When settling a new country, a hospitality industry is often one of the first created. In 19th-century New Zealand itinerant workers and other new immigrants had little access to kitchens or families to cook for them. They depended on hotels that provided daily ‘ordinaries’ (set meals at set times for a set price), as well as the alcohol that lubricated the grim reality of New Zealand’s early frontier settlements.
In Auckland, the urban infrastructure necessary for growing and maintaining a modern restaurant scene was established by the 1850s. Permanent hotels, cafés and restaurants were built with large kitchens housing commercial stoves. However, nothing could inject growth into a restaurant industry like the discovery of gold. In 1860 Dunedin had five hotels; gold was found in Otago in 1861, and by 1864 there were 87 hotels. Dozens of dining rooms, restaurants and cafés sprang up to cater to a variety of purses. The first Chinese restaurants also opened in Dunedin during the gold rush.
Restaurant owners vied with one another for custom by advertising in local newspapers. In the 1860s the Riordan brothers of Dunedin took out large advertisements for their City Buffet restaurant, boasting of fine meals ‘with every delicacy’ from a chef advertised as ‘an experienced Parisian artiste’.1
Many more restaurants opened in the 1870s. Hotels had in-house restaurants, while stand-alone establishments included dining rooms, luncheon rooms, chop houses, American-style oyster saloons (which served oysters and other seafood) and cafés, which were then more upmarket restaurants often consisting of several floors. Some establishments provided separate dining rooms for women, and men’s clubs had dining facilities for members.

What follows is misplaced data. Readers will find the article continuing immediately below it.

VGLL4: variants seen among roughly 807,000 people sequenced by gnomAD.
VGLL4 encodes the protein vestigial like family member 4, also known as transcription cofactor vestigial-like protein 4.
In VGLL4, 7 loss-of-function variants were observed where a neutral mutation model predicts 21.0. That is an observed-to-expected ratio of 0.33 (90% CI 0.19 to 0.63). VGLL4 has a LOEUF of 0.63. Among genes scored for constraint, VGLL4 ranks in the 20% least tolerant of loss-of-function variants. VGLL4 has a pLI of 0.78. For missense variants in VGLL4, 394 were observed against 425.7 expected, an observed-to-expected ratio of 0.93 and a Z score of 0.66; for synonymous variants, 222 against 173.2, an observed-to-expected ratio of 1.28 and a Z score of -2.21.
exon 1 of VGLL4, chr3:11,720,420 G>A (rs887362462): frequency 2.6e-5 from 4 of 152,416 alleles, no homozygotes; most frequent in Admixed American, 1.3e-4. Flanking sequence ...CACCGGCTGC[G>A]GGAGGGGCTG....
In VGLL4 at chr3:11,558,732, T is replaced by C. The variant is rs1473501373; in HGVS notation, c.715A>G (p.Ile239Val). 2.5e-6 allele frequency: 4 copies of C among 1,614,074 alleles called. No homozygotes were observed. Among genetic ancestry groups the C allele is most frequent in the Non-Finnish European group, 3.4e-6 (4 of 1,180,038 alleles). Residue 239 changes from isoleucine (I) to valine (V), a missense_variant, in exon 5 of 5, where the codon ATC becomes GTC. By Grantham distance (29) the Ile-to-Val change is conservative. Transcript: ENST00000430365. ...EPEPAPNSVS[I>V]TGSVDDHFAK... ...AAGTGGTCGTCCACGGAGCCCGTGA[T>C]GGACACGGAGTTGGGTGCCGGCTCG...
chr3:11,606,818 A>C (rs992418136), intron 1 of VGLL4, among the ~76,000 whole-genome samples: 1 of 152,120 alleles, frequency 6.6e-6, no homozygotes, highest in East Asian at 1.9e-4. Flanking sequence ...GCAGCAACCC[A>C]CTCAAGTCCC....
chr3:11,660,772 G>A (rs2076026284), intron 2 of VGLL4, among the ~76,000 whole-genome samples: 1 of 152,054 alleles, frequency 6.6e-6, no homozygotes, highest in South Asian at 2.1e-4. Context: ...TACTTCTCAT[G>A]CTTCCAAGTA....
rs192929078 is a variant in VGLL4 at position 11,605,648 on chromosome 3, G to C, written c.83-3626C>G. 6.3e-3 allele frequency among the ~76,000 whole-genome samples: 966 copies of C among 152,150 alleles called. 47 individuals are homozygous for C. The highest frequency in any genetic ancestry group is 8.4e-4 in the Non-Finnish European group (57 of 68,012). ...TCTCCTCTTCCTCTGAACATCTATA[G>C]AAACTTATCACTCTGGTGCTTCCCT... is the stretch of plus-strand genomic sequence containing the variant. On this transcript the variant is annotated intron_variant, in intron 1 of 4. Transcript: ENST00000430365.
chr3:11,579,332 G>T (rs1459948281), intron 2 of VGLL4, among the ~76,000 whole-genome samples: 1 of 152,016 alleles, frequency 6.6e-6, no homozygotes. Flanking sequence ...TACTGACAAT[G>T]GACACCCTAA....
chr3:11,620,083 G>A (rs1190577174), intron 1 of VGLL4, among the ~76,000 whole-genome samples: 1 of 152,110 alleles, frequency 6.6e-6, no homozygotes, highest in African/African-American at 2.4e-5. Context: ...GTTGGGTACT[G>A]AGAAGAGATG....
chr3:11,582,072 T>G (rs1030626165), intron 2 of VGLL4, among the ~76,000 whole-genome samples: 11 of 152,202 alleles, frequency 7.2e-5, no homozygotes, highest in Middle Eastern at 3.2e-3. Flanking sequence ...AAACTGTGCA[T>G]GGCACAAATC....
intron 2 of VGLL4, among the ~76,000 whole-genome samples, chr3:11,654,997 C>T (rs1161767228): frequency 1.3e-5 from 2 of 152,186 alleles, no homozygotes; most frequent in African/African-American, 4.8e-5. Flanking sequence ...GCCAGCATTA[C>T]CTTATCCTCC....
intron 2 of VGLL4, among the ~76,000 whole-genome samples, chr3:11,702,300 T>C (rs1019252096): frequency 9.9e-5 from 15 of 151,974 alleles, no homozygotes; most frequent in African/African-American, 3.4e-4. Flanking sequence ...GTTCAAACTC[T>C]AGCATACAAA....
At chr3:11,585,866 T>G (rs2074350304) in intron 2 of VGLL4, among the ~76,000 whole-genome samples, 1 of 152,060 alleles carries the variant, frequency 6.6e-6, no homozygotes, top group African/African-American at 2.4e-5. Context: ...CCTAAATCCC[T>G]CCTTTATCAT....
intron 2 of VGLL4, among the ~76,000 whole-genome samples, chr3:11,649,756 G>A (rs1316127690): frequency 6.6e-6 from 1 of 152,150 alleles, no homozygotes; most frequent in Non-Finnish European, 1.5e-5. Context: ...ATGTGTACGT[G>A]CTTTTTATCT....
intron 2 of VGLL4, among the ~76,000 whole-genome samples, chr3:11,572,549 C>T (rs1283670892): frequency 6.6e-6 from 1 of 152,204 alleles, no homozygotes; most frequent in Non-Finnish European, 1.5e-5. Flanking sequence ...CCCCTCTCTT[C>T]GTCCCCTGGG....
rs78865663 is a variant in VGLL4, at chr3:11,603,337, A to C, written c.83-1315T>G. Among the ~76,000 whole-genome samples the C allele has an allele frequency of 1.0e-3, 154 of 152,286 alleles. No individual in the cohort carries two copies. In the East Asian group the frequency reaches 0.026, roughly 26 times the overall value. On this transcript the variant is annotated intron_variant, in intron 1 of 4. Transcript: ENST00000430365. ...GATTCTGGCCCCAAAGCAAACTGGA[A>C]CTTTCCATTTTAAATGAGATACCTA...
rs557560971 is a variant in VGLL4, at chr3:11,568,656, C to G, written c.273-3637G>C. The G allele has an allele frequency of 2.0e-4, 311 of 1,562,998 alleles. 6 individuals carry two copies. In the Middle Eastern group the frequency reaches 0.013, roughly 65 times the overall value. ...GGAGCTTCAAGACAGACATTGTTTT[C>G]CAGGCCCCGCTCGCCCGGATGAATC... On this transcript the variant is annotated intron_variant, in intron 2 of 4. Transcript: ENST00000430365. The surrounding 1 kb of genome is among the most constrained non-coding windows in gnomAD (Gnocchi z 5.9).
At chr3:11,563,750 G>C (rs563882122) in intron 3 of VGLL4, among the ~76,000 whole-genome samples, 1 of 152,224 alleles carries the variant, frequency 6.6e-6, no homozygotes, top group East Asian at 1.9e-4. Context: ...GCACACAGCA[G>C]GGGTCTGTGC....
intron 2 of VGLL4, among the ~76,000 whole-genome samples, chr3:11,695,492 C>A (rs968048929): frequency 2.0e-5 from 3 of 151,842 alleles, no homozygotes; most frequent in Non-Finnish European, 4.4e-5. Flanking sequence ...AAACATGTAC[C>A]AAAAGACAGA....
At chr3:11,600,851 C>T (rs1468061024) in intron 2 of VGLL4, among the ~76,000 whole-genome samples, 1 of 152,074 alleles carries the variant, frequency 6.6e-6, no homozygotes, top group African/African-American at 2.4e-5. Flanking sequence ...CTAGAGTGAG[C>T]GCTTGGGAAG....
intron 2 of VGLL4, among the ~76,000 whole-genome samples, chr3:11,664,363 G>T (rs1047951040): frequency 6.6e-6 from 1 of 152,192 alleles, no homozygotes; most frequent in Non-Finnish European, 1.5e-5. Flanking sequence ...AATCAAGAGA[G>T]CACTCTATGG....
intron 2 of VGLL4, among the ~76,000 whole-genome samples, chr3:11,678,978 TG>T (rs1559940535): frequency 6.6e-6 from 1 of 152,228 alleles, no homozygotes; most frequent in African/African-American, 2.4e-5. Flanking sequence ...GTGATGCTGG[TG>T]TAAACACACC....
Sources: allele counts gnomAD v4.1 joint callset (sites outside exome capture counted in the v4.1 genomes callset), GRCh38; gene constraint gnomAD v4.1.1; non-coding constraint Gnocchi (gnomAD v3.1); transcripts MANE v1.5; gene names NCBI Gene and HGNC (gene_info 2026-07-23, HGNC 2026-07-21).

Something for the ladies
Charles Canning opened the St Mungo Café in Auckland’s central business district in 1871. His advertisements paid special attention to women, claiming: ‘To the Ladies of Auckland and Suburbs he would also beg to intimate that he has been enabled to set apart A COMPLETE SUITE OF ROOMS for their accommodation.’2 Readers knew this included rest-room facilities, which would have been welcome in the days before public toilets were available.
The 1880s depression dampened the hotel and restaurant trade, but it recovered by the mid-1890s. By the start of the 20th century urban New Zealanders, particularly those in the main centres, enjoyed a range of dining options.
Drinking and dining
During the 19th century alcohol was available in many restaurants, though the primary focus was on food. From 1881 liquor licences could only be obtained if accommodation was provided, and while some restaurants did advertise rooms, this was not universal.
Some restaurateurs provided their patrons with illegal alcohol – fish-and-chip shops, which arose in the early 20th century, were well known for this practice, as were oyster saloons and Chinese restaurants. Alternatively, waiters purchased alcohol for patrons from nearby wholesalers.
Other proprietors, content to concentrate on food, did not serve alcohol, and some advertised their alcohol-free credentials. From the late 19th century coffee palaces and lounges drew crowds who wanted to socialise without alcohol. Coffee and food were also available from street-side coffee stalls.